The Origins and Practices of Lunar/Chinese New Year

January 25, 2020 - Lunar/Chinese New Year

We did a post last year on the lunar new year, but a few readers said that we didn't quite get it right. We edited the post at the time to include more information. However we thought it was worth revisiting this holiday, and re-doing our research for this post this year.

Lunar new year is most commonly known as the Chinese New Year, but other East Asian cultures celebrate the holiday as well. The date of the lunar new year changes from year to year, because the Chinese religious/cultural calendar (and other East Asian calendars) operate on a lunisolar calendar. The lunar new year takes place on the second new moon after the winter solstice.

Chinese New Year Rat
Year of the Rat - Image courtesy of

When the Republic of China adopted the Gregorian calendar in 1912, they changed the name of the celebration from Lunar New Year (which had religious connotations) to Spring Festival. It is still winter in China. The name Spring Festival refers to the celebration of the coming spring, and not to the current season.

Each year begins the year of a new animal on the Chinese zodiac, that cycle through various animals every twelve years. This year will be the year of the Rat, the first animal in the Chinese zodiac. In Chinese culture, rat symbolizes intelligence and quick-wit. According to legend, the Jade Emperor held a race for a group of animals on his birthday. The results of the race determined the order they appeared on the Chinese zodiac. As the story goes, the rat got a ride on the back of the ox, and jumped off right before the finish line to win first place (ahead of the ox, who came in second). Famous people born in the year of the rat include: William Shakespeare, Rosa Parks, President H.W. Bush, Pope Francis, Katy Perry, and Laverne Cox.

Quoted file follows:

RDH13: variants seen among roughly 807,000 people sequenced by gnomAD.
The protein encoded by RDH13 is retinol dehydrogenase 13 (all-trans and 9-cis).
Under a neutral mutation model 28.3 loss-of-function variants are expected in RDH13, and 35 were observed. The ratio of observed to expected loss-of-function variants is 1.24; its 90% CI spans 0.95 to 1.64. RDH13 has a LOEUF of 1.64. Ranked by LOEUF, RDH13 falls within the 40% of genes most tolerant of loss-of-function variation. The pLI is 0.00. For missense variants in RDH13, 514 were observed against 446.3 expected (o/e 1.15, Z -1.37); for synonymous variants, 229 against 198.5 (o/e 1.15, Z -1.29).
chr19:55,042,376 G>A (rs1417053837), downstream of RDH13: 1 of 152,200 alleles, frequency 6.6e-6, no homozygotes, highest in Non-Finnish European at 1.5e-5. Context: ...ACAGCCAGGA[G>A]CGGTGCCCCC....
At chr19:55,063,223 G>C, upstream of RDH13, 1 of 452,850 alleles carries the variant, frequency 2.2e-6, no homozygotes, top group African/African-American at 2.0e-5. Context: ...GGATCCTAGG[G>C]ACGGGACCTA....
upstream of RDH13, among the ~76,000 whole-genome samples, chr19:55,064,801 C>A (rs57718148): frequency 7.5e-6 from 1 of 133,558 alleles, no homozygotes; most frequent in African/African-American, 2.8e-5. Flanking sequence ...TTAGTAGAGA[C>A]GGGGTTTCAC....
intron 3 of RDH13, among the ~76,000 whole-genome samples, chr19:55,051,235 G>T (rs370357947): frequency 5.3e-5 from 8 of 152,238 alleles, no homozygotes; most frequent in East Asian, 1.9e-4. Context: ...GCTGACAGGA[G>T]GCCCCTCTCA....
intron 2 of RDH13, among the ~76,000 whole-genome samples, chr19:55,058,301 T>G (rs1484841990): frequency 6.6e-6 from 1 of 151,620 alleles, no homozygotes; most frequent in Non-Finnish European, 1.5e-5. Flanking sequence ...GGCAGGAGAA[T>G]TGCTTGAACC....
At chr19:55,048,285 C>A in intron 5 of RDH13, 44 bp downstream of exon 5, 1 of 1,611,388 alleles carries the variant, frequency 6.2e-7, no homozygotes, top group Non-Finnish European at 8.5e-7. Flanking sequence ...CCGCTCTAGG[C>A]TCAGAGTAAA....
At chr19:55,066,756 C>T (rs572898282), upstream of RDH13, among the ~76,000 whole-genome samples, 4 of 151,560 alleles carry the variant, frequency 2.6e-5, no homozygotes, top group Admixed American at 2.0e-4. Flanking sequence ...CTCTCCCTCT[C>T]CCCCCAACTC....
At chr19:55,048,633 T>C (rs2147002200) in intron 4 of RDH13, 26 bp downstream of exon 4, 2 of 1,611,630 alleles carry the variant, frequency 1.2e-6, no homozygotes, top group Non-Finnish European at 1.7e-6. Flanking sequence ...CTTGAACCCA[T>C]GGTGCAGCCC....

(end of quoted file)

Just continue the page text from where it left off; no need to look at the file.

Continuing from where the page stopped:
The Lunar New Year is celebrated in China, South Korea, Tibet, Vietnam, Singapore, Malaysia, Hong Kong, and other places with large Chinese populations. Korean populations also call this celebration also as Seollal. We covered Chinese customs for this holiday in our post last year, so we’ll talk about Korean and Vietnamese customs this year. For Seollal, Koreans believe that ghosts come to the human world on the night before Seollal. The ghosts take the shoes that fit them, and when they do that, it brings bad luck to the owners of the shoes. To prevent this from happening, people hide their shoes the night before. The traditional Korean New Year’s meal is called duk gook. Duk gook is a soup made of thinly sliced rice cakes. In Korean culture, everyone turns a year older once they have finished their duk gook, and not on their birthday.

Vietnamese culture refers to the Lunar New Year as Tet. Tet is short for Tet Nguyen Dan, which translates as “Feast of the First Morning of the First Day.” Tet is about settling debts, forgetting the past, and starting new. This involves gift-giving, cleaning the home, cooking food and spending time with friends and family. Kids are also given “lucky money,” which is money in red envelopes. The oldest members of the family also receive money, which ensures their next year will be full of good health.

Traditional food for this holiday is sticky rice cake, mung beans, and pork. The rice cake is called Banh day, and it is also served with Vietnamese sausage. During the Tet holiday, observers try not to fight, as arguments could attract bad spirits.

For the Chinese/Lunar New Year, check out our upcoming new year events at the library.

To learn more about the holiday and celebrations, check out one of these items:

Lunar New Year

Mindy Kim and the Lunar New Year Parade

Chinese New Year

New Clothes for New Year's Day

Ten Mice for Tet!